Despite many years of experimentation with regionalization in Quebec, the motives for the decision on this issue have been largely occulted from the public eye. This article will attempt to elucidate the reasons for which the crafters of the 2003-04 reform maintained the regional tier rather than abolishing it as originally planned. Analysing the question from a political science perspective, we suggest that behind the government's public goal to decentralize power to the local level lay the hidden intention to maintain the regional level as a means of retaining centralized control over Quebec's health-care system. …

The rest of this article is only available to active members of Questia

Already a member? Log in now.

Notes for this article

Add a new note
If you are trying to select text to create highlights or citations, remember that you must now click or tap on the first word, and then click or tap on the last word.
One moment ...
Default project is now your active project.
Project items
Notes
Cite this article

Cited article

Style
Citations are available only to our active members.
Buy instant access to cite pages or passages in MLA 8, MLA 7, APA and Chicago citation styles.

(Einhorn, 1992, p. 25)

(Einhorn 25)

(Einhorn 25)

1. Lois J. Einhorn, Abraham Lincoln, the Orator: Penetrating the Lincoln Legend (Westport, CT: Greenwood Press, 1992), 25, http://www.questia.com/read/27419298.

Note: primary sources have slightly different requirements for citation. Please see these guidelines for more information.

Cited article

One Step Forward, One Step Back: Quebec's 2003-04 Health and Social Services Regionalization Policy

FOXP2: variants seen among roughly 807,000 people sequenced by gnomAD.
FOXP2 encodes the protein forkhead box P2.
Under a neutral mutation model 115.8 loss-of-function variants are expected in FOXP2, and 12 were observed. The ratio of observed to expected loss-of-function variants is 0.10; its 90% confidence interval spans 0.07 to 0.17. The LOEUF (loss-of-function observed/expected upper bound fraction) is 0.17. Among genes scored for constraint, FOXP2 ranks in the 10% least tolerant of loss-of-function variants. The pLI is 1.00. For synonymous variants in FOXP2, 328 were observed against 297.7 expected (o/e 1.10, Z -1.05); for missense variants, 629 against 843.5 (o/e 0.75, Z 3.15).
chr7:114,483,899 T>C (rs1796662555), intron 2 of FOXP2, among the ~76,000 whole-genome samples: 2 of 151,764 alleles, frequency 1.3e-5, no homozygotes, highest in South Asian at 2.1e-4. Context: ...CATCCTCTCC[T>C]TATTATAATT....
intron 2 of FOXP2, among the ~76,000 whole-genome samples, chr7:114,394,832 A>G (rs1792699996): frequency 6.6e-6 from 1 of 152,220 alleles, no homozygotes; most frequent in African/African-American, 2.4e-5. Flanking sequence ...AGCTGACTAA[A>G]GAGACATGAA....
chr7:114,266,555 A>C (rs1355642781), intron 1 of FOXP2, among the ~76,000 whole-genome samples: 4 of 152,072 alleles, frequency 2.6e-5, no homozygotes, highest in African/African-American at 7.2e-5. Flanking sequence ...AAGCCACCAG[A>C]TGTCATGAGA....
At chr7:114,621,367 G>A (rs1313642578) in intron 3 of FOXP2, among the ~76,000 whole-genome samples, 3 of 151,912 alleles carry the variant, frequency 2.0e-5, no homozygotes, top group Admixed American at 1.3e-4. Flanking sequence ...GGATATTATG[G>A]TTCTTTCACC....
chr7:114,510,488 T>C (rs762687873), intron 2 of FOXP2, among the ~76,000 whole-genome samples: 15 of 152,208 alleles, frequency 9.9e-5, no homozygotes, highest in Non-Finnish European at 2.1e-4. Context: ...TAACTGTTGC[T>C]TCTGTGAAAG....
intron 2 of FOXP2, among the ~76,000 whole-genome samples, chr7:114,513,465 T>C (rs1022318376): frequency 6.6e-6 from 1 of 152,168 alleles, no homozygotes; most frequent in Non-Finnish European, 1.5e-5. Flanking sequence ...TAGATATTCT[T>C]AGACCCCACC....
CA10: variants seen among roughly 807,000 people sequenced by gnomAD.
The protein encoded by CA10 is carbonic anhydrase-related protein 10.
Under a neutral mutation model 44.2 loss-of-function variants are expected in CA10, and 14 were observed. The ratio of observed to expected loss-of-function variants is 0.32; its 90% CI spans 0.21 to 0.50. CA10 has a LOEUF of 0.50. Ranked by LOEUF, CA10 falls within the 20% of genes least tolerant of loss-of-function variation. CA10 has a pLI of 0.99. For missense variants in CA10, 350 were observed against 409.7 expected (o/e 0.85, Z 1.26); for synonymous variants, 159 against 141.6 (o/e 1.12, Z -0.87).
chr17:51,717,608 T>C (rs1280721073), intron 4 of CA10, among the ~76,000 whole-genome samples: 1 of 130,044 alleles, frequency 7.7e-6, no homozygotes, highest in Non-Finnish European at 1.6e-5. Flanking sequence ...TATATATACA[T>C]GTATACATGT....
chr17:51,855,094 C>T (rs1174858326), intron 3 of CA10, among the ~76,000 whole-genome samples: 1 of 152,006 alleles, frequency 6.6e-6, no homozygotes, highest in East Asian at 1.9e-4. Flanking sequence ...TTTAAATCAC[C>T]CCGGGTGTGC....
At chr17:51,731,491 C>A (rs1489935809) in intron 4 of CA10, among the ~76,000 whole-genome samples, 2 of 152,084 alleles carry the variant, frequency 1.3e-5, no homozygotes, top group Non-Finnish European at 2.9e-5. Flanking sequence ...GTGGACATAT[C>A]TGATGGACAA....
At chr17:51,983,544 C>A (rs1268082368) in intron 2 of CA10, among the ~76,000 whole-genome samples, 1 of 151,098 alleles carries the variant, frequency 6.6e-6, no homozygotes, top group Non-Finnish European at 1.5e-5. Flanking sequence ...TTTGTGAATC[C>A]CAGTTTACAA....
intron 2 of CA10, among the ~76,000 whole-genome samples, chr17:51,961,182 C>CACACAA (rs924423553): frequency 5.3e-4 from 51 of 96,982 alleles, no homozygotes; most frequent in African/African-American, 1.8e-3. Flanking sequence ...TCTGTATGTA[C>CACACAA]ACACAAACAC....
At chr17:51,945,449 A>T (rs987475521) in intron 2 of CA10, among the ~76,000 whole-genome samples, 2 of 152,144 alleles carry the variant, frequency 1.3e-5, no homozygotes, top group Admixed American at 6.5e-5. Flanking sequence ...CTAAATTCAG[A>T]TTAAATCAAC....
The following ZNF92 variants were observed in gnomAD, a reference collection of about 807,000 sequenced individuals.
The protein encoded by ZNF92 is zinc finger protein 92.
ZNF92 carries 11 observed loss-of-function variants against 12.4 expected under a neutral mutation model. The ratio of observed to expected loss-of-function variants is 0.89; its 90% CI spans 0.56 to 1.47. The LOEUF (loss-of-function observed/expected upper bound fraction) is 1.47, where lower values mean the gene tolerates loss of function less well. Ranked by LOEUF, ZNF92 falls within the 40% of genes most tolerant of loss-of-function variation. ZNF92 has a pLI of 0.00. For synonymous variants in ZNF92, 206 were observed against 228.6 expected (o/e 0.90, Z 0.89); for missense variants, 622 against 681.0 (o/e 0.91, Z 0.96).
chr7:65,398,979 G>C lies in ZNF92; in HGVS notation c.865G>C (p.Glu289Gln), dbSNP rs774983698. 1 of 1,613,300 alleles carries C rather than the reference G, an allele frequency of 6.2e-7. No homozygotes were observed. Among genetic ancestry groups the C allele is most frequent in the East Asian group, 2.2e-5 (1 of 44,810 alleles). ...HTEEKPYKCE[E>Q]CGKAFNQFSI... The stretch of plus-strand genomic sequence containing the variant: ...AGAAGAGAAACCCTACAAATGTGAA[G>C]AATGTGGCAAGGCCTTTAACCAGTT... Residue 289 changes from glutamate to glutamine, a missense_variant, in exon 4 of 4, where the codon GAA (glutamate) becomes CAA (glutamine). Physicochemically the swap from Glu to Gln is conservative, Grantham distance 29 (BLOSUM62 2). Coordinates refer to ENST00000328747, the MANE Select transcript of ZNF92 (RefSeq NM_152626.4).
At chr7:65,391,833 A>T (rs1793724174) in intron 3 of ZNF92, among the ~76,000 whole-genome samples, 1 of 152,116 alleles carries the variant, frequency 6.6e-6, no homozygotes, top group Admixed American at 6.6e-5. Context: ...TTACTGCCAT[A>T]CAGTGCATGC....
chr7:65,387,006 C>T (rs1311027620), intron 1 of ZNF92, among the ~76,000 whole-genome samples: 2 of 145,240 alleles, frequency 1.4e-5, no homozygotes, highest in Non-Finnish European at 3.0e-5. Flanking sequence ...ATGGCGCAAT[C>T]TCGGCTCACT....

Settings

Settings

Typeface
Text size Smaller Larger Reset View mode
Search within

Search within this article

Look up

Look up a word

  • Dictionary
  • Thesaurus
Please submit a word or phrase above.
Print this page

Print this page

Why can't I print more than one page at a time?

Help
Full screen
Items saved from this article
  • Highlights & Notes
  • Citations
Some of your highlights are legacy items.

Highlights saved before July 30, 2012 will not be displayed on their respective source pages.

You can easily re-create the highlights by opening the book page or article, selecting the text, and clicking “Highlight.”

matching results for page

    Questia reader help

    How to highlight and cite specific passages

    1. Click or tap the first word you want to select.
    2. Click or tap the last word you want to select, and you’ll see everything in between get selected.
    3. You’ll then get a menu of options like creating a highlight or a citation from that passage of text.

    OK, got it!

    Cited passage

    Style
    Citations are available only to our active members.
    Buy instant access to cite pages or passages in MLA 8, MLA 7, APA and Chicago citation styles.

    "Portraying himself as an honest, ordinary person helped Lincoln identify with his audiences." (Einhorn, 1992, p. 25).

    "Portraying himself as an honest, ordinary person helped Lincoln identify with his audiences." (Einhorn 25)

    "Portraying himself as an honest, ordinary person helped Lincoln identify with his audiences." (Einhorn 25)

    "Portraying himself as an honest, ordinary person helped Lincoln identify with his audiences."1

    1. Lois J. Einhorn, Abraham Lincoln, the Orator: Penetrating the Lincoln Legend (Westport, CT: Greenwood Press, 1992), 25, http://www.questia.com/read/27419298.

    Cited passage

    Thanks for trying Questia!

    Please continue trying out our research tools, but please note, full functionality is available only to our active members.

    Your work will be lost once you leave this Web page.

    Buy instant access to save your work.

    Already a member? Log in now.

    Search by... Author
    Show... All Results Primary Sources Peer-reviewed

    Oops!

    An unknown error has occurred. Please click the button below to reload the page. If the problem persists, please try again in a little while.